15 Things That Happen When You Move to Doha

move to doha

I felt a lot of mixed emotions after my move to Doha. If you’re desert-bound yourself, here’s some of the stranger things you can expect to happen to you.

1. Your concept of heat changes entirely

As an Australian, I prided myself on my ability to handle heat. Then I moved to Doha in the middle of the summer. 35°C/95°F is a hot day in Sydney. In Doha, that’s considered a “cool” summer’s evening.

So what do you do? The only thing you can do. You climatise – to the point where a 40°C/104°F day feels normal. Try not to feel too disturbed by this new concept.

2. You’ll start sweating approximately 27 seconds after you leave your house

The heat is one thing, the humidity another. The air is heavy and oppressive – it clings to you the moment you step outdoors.

You’ll feel much like a little human sausage being squeezed out of your skin. It’s not the most pleasant sensation, as I’m sure you can imagine!

3. You’ll find yourself getting addicted to shisha

You don’t have to be a smoker to enjoy shisha. There’s something soothing about sitting at a café at the local souq, lazily inhaling smoke infused with grape and apple, while watching the world go by.

One thing to remember is that shisha has many of the same health risks as cigarettes, so it’s best to indulge every now and then as a rare treat. Your lungs will thank you!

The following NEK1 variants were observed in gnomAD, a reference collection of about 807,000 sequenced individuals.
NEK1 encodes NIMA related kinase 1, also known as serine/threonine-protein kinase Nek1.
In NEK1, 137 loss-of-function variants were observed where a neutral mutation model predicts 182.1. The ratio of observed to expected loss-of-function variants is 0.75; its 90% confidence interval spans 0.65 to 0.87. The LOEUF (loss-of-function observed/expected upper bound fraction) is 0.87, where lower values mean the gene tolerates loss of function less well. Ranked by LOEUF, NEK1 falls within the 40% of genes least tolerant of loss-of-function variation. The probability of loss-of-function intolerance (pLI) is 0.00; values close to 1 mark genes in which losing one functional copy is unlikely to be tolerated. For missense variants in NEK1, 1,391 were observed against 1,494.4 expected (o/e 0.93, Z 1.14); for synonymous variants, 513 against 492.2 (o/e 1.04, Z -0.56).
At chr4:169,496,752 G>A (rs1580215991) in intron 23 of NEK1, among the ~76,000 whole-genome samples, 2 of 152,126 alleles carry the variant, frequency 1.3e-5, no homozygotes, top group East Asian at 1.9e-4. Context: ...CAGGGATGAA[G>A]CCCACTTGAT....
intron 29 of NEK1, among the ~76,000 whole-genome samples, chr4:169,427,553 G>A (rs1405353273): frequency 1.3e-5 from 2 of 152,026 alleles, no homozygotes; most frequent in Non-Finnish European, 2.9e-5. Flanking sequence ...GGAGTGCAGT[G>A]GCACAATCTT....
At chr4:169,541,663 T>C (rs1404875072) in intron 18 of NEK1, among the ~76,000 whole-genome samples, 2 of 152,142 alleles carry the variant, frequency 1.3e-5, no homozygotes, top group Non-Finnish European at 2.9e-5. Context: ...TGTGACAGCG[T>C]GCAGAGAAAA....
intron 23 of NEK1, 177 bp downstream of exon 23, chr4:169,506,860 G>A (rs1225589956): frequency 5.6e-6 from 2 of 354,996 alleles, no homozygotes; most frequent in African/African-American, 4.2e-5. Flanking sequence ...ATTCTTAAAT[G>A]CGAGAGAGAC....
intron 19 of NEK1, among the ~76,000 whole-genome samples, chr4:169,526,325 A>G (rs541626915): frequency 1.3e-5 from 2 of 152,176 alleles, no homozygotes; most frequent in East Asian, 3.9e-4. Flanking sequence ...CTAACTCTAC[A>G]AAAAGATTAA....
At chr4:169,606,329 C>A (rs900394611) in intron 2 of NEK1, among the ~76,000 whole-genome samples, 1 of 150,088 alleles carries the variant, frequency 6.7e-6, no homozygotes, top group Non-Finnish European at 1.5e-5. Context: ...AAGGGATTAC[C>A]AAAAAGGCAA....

4. You’ll travel more

Doha is pretty much in the middle of the world, with an airport that is ever expanding. Europe and Asia are each within easy reach. Better yet, you might find yourself journeying to places you never imagined travelling to – countries such as Oman, Jordan, Bahrain or Iran.

5. You’ll stockpile alcohol for Ramadan

As Qatar is an Islamic country, the entire city of Doha observes the month of Ramadan. Eating and drinking in public is banned, conservative dressing becomes mandatory and the nightclubs close for the ENTIRE MONTH.

You need a licence to purchase alcohol from the two shops run by the Qatar Distribution Company. The day before Ramadan begins, these stores are rammed with Western expats, desperate to get their hands on as much grog as possible before the month long shutdown of hotel clubs begins. It’s basically Doha’s version of Black Friday.

6. You’ll mourn the absence of bacon in your life

move to doha

Turkey bacon is NOT THE SAME THING.

7. You’ll grow accustomed to being driven everywhere

Public transport is almost non-existent in Doha, apart from a couple of buses. Some expats buy cars, others rent but a large majority have personal drivers.

On the downside, you have to know what you’re doing ahead of time and book your driver accordingly.

There is a silver lining. You’ll never be late for work again.

8. You’ll want to adopt every cat you see

Doha has a cat problem. They are everywhere. Skinny little creatures constantly flitter from corner to corner and occasionally allow you to get close enough to pet them.

The desire to adopt each one and love them forever can be overpowering. Unfortunately, you can’t save them all. You can feed them scraps from your lunch, so that’s something, I guess.

9. You’ll befriend someone who lives at the Hilton just to use the beach